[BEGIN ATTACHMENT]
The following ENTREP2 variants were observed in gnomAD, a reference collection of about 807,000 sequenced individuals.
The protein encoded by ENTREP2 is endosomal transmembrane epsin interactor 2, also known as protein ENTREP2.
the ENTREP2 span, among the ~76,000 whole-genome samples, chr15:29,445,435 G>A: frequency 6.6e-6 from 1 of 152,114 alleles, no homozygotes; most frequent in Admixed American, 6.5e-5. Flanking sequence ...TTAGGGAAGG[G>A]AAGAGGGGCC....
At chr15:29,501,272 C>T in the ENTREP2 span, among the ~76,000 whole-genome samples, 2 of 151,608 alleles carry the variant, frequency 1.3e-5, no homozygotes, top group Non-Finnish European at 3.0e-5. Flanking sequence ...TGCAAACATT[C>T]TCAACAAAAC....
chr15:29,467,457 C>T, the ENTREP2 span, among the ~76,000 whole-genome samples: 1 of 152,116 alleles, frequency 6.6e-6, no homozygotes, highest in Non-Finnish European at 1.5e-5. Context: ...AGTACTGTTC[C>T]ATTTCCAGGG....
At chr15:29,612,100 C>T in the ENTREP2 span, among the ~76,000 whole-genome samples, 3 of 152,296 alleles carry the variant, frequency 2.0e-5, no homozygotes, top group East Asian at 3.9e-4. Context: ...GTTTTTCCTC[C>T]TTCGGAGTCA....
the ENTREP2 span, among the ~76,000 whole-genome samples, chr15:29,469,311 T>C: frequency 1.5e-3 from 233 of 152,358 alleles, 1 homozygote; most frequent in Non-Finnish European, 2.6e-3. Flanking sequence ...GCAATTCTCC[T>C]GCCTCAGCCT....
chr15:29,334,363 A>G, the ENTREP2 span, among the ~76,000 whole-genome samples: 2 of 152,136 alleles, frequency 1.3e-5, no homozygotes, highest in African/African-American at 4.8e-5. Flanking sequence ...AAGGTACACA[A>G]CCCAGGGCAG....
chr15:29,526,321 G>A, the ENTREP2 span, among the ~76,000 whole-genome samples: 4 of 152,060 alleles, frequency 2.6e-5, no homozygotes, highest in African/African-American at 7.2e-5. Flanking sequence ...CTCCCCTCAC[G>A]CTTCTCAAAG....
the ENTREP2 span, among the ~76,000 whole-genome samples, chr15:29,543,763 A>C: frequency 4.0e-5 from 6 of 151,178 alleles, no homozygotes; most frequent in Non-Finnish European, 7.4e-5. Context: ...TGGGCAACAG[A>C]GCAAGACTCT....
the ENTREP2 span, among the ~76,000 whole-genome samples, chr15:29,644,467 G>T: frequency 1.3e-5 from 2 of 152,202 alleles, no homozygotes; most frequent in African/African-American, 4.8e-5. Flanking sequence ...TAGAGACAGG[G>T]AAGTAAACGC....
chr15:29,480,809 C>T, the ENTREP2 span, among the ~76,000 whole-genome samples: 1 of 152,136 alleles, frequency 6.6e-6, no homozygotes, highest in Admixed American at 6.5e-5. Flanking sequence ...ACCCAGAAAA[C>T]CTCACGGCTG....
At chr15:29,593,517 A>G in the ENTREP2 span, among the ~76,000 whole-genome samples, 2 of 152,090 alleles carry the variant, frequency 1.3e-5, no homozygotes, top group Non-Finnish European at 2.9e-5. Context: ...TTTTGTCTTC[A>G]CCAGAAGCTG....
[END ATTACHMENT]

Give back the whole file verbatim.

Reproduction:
The following ENTREP2 variants were observed in gnomAD, a reference collection of about 807,000 sequenced individuals.
The protein encoded by ENTREP2 is endosomal transmembrane epsin interactor 2, also known as protein ENTREP2.
the ENTREP2 span, among the ~76,000 whole-genome samples, chr15:29,445,435 G>A: frequency 6.6e-6 from 1 of 152,114 alleles, no homozygotes; most frequent in Admixed American, 6.5e-5. Flanking sequence ...TTAGGGAAGG[G>A]AAGAGGGGCC....
At chr15:29,501,272 C>T in the ENTREP2 span, among the ~76,000 whole-genome samples, 2 of 151,608 alleles carry the variant, frequency 1.3e-5, no homozygotes, top group Non-Finnish European at 3.0e-5. Flanking sequence ...TGCAAACATT[C>T]TCAACAAAAC....
chr15:29,467,457 C>T, the ENTREP2 span, among the ~76,000 whole-genome samples: 1 of 152,116 alleles, frequency 6.6e-6, no homozygotes, highest in Non-Finnish European at 1.5e-5. Context: ...AGTACTGTTC[C>T]ATTTCCAGGG....
At chr15:29,612,100 C>T in the ENTREP2 span, among the ~76,000 whole-genome samples, 3 of 152,296 alleles carry the variant, frequency 2.0e-5, no homozygotes, top group East Asian at 3.9e-4. Context: ...GTTTTTCCTC[C>T]TTCGGAGTCA....
the ENTREP2 span, among the ~76,000 whole-genome samples, chr15:29,469,311 T>C: frequency 1.5e-3 from 233 of 152,358 alleles, 1 homozygote; most frequent in Non-Finnish European, 2.6e-3. Flanking sequence ...GCAATTCTCC[T>C]GCCTCAGCCT....
chr15:29,334,363 A>G, the ENTREP2 span, among the ~76,000 whole-genome samples: 2 of 152,136 alleles, frequency 1.3e-5, no homozygotes, highest in African/African-American at 4.8e-5. Flanking sequence ...AAGGTACACA[A>G]CCCAGGGCAG....
chr15:29,526,321 G>A, the ENTREP2 span, among the ~76,000 whole-genome samples: 4 of 152,060 alleles, frequency 2.6e-5, no homozygotes, highest in African/African-American at 7.2e-5. Flanking sequence ...CTCCCCTCAC[G>A]CTTCTCAAAG....
the ENTREP2 span, among the ~76,000 whole-genome samples, chr15:29,543,763 A>C: frequency 4.0e-5 from 6 of 151,178 alleles, no homozygotes; most frequent in Non-Finnish European, 7.4e-5. Context: ...TGGGCAACAG[A>C]GCAAGACTCT....
the ENTREP2 span, among the ~76,000 whole-genome samples, chr15:29,644,467 G>T: frequency 1.3e-5 from 2 of 152,202 alleles, no homozygotes; most frequent in African/African-American, 4.8e-5. Flanking sequence ...TAGAGACAGG[G>T]AAGTAAACGC....
chr15:29,480,809 C>T, the ENTREP2 span, among the ~76,000 whole-genome samples: 1 of 152,136 alleles, frequency 6.6e-6, no homozygotes, highest in Admixed American at 6.5e-5. Flanking sequence ...ACCCAGAAAA[C>T]CTCACGGCTG....
At chr15:29,593,517 A>G in the ENTREP2 span, among the ~76,000 whole-genome samples, 2 of 152,090 alleles carry the variant, frequency 1.3e-5, no homozygotes, top group Non-Finnish European at 2.9e-5. Context: ...TTTTGTCTTC[A>G]CCAGAAGCTG....